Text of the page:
Foot Locker Inc. shares are down 15.5% in Friday trading after the athletic shoe and apparel retailer said its first-quarter results were damaged by a delay in customer receipt of IRS tax refunds.
A law enacted in late 2015 states that the IRS can’t issue a tax refund on returns claiming an earned-income tax credit or additional-child tax credit until Feb. 15. It’s one of the primary reasons that some taxpayers delayed filing their returns this year.
That pushed back tax refunds, and some retailers and restaurants say purchases normally made during the quarter were postponed, at best, as a result.
“The slow start we experienced in February, which we believe was largely due to the delay in income-tax refunds, was unfortunately not fully offset by much stronger sales in March and April,” said Foot Locker
Chief Executive Richard Johnson in a statement.
Foot Locker reported sales of $2 billion, up from $1.99 billion a year earlier. Same-store sales rose 0.5%. The FactSet consensus called for sales of $2.02 billion and a same-store-sales increase of 1.4%.
Earnings per share were $1.36, down from $1.39 a year earlier and below the $1.38 FactSet consensus.
“The refund issue is often bandied about as an excuse for underperformance,” wrote Carter Harrison, an analyst at GlobalData Retail. “However, in Foot Locker’s case, we believe the point is a valid one, as many younger consumers use part of their windfalls to buy expensive sneakers, and many parents do the same for their kids.”
Johnson also said the company didn’t “have sufficient quantities of some of the hot running products that adult customers have been snapping up,” and the basketball business is soft, “which has been a relatively important component of kids sales in recent years.”
“Fortunately, as we move through the rest of the year, the kids exposure to signature basketball will lessen, and we expect lifestyle product quantities to improve,” he said, according to a FactSet transcript.
But Harrison has ongoing concerns. “Although delayed refunds affected the first part of the trading period, it is more worrying that sales did not pick up towards the back end of the quarter,” he said. “Admittedly some of the fillip provided by refunds may well be pushed into the next period, but we believe current performance has also been tempered by a lower level of demand within the sporting-goods category.”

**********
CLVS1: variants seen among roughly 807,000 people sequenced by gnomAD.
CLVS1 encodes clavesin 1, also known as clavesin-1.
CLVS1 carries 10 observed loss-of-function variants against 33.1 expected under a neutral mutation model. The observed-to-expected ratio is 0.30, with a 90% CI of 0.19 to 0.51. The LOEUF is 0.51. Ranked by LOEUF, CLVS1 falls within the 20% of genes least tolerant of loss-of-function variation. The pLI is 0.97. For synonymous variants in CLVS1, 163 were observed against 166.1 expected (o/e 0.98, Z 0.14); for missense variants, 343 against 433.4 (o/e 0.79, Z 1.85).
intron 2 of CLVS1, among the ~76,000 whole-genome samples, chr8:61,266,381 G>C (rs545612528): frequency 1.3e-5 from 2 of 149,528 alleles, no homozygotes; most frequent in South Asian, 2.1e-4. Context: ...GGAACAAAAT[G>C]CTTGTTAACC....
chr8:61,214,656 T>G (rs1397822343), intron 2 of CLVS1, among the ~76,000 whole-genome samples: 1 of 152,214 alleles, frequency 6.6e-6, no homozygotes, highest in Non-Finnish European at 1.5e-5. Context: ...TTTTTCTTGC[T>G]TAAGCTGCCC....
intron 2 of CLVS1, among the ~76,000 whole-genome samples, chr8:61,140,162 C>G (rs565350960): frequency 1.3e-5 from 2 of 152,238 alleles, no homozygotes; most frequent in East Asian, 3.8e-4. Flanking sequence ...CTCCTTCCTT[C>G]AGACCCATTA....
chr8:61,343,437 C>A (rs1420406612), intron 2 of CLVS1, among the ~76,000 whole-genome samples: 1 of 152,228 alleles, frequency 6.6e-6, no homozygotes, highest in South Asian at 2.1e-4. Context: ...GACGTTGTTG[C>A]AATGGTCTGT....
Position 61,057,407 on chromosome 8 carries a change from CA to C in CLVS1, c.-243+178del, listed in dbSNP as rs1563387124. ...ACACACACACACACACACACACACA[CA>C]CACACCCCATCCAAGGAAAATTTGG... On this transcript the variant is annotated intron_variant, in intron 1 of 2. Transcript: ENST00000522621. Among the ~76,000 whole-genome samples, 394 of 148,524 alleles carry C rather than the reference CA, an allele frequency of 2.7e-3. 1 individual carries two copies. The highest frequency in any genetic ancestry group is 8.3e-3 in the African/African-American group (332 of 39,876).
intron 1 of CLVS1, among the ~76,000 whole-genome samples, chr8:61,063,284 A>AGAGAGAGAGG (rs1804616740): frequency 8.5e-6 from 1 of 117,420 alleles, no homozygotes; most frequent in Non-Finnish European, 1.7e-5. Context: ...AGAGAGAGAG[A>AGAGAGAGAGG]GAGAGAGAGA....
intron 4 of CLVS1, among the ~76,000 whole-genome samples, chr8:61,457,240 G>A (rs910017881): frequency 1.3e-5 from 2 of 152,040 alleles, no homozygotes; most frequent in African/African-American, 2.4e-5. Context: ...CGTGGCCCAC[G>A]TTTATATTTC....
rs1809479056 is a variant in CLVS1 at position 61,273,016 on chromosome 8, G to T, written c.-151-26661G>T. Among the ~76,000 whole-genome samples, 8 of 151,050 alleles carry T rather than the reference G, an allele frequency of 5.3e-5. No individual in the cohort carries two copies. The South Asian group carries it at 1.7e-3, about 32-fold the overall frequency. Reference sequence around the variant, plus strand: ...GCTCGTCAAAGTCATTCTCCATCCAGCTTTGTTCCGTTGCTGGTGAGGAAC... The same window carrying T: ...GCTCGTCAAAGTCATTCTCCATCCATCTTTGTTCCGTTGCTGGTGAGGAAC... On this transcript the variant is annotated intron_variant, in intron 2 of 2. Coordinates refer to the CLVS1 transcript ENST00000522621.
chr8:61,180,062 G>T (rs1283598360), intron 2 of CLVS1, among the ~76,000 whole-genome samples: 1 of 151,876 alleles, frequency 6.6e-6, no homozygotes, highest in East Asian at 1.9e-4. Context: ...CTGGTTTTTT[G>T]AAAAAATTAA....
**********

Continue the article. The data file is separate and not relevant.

Still, Harrison believes demand across sporting goods will grow over the rest of the year, and Foot Locker, he said, can capitalize.
“The key to this success is the company’s drive to ensure it remains a key destination for sporting, and sneaker, enthusiasts,” he said.
Johnson emphasized the company’s place “at the center of a very vibrant sneaker culture” on the call.
The company might be on top of the sneaker trends, but the sales trends have been tougher. Johnson said Foot Locker is forecasting a same-store-sales increase in the low-single digits in the second quarter with relatively flat year-over-year earnings. The FactSet consensus calls for a same-store-sales increase of 4.4%, with earnings per share of $1.04, up from 94 cents last year.
“While we remain optimistic that we can accelerate our momentum over the second half of 2017 to reach mid-single-digit comparable sales gains, we are developing a Plan B, so to speak, to pace the recent sales trends in case recent sales trends continue,” Johnson said.
Susquehanna Financial Group’s Sam Poser said he believes the March through May results will be a trend indicator. He’s optimistic about what the company has planned. “Foot Locker’s improving product offerings, excitement around Nike’s
NBA sponsorship, remodel lifts and overall high engagement with customers should continue to drive results and share gains, and we would buy on any weakness,” Susquehanna’s pre-earnings-call note said.
Susquehanna rates Foot Locker shares positive.
Foot Locker shares are down 16.3% for the past three months, while the S&P 500 index
is up 1.5% for the period.